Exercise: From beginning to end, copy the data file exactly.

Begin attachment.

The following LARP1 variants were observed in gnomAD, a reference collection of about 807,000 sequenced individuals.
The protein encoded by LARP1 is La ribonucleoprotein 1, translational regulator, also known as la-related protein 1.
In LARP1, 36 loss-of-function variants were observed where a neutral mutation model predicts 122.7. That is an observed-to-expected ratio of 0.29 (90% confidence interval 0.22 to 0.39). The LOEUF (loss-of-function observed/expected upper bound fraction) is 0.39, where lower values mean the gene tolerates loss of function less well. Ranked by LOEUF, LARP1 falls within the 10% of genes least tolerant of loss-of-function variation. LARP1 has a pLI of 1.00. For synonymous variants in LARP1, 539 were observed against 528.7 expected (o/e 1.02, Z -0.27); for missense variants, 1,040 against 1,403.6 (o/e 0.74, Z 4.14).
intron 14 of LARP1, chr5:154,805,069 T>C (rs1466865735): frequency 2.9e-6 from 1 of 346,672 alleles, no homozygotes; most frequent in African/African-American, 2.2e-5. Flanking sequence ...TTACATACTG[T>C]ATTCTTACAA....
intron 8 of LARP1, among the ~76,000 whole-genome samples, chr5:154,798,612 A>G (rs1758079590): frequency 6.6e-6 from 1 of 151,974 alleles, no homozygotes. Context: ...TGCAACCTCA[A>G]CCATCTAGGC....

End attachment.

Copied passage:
The following LARP1 variants were observed in gnomAD, a reference collection of about 807,000 sequenced individuals.
The protein encoded by LARP1 is La ribonucleoprotein 1, translational regulator, also known as la-related protein 1.
In LARP1, 36 loss-of-function variants were observed where a neutral mutation model predicts 122.7. That is an observed-to-expected ratio of 0.29 (90% confidence interval 0.22 to 0.39). The LOEUF (loss-of-function observed/expected upper bound fraction) is 0.39, where lower values mean the gene tolerates loss of function less well. Ranked by LOEUF, LARP1 falls within the 10% of genes least tolerant of loss-of-function variation. LARP1 has a pLI of 1.00. For synonymous variants in LARP1, 539 were observed against 528.7 expected (o/e 1.02, Z -0.27); for missense variants, 1,040 against 1,403.6 (o/e 0.74, Z 4.14).
intron 14 of LARP1, chr5:154,805,069 T>C (rs1466865735): frequency 2.9e-6 from 1 of 346,672 alleles, no homozygotes; most frequent in African/African-American, 2.2e-5. Flanking sequence ...TTACATACTG[T>C]ATTCTTACAA....
intron 8 of LARP1, among the ~76,000 whole-genome samples, chr5:154,798,612 A>G (rs1758079590): frequency 6.6e-6 from 1 of 151,974 alleles, no homozygotes. Context: ...TGCAACCTCA[A>G]CCATCTAGGC....